The Mistake You're Making With DIY Frozen Vegetables

Crafting your own frozen vegetables can be a satisfying way to save your store-bought and home-grown seasonal favorites. It helps you stretch your food budget and cuts down on waste. Frozen vegetables sometimes get a bad rep, but they can be used in a plethora of recipes. Even Ree Drummond understands the benefits of using frozen vegetables.

If you're not successful with DIY frozen vegetables, it could be because you're not preparing them properly. Before you "DIY freeze," you need to blanch many of the veggies that you want to preserve. Your DIY veggies will be crispy and fresh-tasting, which can make all the difference in a meal. To preserve the integrity of your vegetables (especially vegetables with lots of water), you need to blanch them first. 

The ripening process is halted during blanching, improving the quality of the vegetables. Blanching preserves the structural integrity of your veg, but it also prevents nutrient loss — so long as you don't overcook them.  A 2023 study by the Journal of Food Science found that freezing vegetables is also a great way to retain their nutritional value. As an added bonus, blanching is known to kill bacteria.

Some of the best vegetables to blanch and freeze are Brussels sprouts, corn, carrots, greens, sugar snap peas, green beans, broccoli, cauliflower, and tomatoes. These are the basis for so many dishes, and freezing these enables you to meal plan with a diverse set of ingredients.

Wash, chop, blanch, freeze

There are a few exceptions to the blanching rule, like onions and peppers – something you've probably frozen raw since you've been cooking. And while you may be compelled to freeze all of your surplus, not all vegetables are meant to be frozen. Sometimes vegetables with a high water content don't freeze well, like lettuce. No one likes mushy or soggy vegetables.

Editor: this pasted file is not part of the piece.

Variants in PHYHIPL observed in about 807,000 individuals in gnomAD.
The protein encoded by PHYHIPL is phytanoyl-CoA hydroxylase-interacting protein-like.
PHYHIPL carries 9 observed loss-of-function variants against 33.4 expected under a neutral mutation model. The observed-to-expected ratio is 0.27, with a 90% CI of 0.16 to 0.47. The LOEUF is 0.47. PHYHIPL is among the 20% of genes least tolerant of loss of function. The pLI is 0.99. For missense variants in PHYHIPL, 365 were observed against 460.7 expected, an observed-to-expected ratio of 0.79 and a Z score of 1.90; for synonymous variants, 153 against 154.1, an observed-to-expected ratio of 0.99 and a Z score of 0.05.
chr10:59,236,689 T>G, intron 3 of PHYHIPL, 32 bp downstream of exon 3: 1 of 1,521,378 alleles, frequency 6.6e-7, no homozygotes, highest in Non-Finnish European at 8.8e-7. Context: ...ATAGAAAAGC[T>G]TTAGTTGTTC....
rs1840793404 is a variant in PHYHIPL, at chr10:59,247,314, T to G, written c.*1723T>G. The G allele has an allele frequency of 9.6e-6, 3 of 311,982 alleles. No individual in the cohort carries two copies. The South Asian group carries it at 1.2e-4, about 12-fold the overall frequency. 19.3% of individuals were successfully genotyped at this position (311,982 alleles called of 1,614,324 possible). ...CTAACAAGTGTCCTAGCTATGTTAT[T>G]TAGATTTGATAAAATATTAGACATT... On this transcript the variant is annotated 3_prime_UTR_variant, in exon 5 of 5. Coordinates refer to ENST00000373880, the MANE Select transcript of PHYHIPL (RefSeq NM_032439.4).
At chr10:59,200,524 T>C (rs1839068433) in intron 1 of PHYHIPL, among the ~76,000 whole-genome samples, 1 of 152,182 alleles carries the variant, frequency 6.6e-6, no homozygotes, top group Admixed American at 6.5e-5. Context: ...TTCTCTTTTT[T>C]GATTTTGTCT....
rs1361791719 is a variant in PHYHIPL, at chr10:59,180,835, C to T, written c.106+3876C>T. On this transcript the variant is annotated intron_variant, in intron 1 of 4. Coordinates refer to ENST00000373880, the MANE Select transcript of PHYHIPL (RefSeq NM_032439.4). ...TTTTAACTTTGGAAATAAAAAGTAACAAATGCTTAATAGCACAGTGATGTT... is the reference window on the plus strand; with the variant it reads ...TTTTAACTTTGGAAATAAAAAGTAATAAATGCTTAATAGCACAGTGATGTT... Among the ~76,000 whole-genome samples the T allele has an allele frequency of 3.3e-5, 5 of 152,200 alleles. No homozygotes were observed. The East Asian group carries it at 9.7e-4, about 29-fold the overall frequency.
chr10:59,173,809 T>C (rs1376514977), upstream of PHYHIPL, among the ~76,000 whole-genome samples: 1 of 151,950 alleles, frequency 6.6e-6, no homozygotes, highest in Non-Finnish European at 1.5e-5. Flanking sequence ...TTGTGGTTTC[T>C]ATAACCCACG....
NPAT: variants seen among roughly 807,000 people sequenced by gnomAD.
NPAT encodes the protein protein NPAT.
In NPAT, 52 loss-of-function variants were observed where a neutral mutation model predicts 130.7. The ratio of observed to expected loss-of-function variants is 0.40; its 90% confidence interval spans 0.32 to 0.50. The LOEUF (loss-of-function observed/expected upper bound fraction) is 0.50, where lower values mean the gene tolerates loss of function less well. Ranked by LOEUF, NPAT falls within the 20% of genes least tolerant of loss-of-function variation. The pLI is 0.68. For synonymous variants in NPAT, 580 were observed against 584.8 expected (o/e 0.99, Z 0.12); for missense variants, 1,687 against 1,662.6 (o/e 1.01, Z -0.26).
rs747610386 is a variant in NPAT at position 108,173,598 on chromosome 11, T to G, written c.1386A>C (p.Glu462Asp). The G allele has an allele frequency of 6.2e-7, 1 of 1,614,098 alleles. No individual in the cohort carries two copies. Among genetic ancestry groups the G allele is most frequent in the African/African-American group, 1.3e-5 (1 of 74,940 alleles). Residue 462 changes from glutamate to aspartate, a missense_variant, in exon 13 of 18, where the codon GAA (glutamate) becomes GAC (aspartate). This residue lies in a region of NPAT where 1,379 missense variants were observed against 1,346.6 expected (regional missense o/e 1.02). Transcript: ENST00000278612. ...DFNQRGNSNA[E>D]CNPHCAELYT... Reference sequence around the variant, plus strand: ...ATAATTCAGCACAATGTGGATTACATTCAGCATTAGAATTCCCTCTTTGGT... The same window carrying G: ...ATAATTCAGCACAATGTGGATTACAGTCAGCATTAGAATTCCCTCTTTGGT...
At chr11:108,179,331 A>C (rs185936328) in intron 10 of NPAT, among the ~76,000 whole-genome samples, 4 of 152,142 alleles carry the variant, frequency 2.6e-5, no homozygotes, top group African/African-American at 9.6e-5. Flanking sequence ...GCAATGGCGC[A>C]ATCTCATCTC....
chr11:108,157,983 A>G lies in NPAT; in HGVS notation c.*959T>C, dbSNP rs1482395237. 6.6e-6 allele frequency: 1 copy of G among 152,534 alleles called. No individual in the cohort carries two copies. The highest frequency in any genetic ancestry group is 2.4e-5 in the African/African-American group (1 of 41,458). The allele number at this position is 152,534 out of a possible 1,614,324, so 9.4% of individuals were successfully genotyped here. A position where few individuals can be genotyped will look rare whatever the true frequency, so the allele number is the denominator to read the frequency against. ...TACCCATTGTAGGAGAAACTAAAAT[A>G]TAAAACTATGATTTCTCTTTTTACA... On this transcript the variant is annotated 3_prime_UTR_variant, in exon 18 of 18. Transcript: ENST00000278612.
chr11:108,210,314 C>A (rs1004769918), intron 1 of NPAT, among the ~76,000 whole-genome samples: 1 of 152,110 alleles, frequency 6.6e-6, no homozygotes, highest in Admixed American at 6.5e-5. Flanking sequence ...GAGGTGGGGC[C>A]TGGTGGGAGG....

What's worse? Freezer-burn. When you reach for a bag of frozen DIY peas and they've oxidized, it's unappealing to see a frost-bitten part of your meal (although they are still safe and edible — but they'll be dry). The preparation and process are not difficult, but it's really important to take the time to do it right. 

Washing vegetables is a must even if they're straight from your garden. Chop them so that the portions are suitable for meal preparation — plus, they'll thaw faster. Gather all the supplies you need for blanching and freezing your veg. Make your process easier by setting up an ice bath to use after the vegetables are out of the blanching water. If steam blanching, you'll need a wire basket or strainer. Use fresh water for each pot of vegetables you blanch. Get your storage containers ready, too. Use a slotted ladle to safely handle your produce — no one wants to burn themselves when blanching.

Prep and prep again

Once the vegetables are properly prepared, store them in containers such as plastic freezer bags (but leave no air in the bags). The National Center for Home Food Preservation recommends leaving some space at the top of each bag. Label the containers with the date and the name of the vegetable. You might think you'll remember what's in there, but save yourself the confusion. 

Freezing vegetables without any preservatives is a great way to avoid food waste and make your meal prep easier down the line. Just make sure you're not intending to eat the thawed vegetables without cooking them — your tomatoes are going to be mush, but that doesn't mean they won't make a mean tomato sauce. The best part of freezing tomatoes from, say, your own garden is that you can make a tomato sauce recipe that uses the leaves too for extra flavor. Have a bunch of carrots? Make a nourishing and nutty carrot and apple soup. The options are truly endless.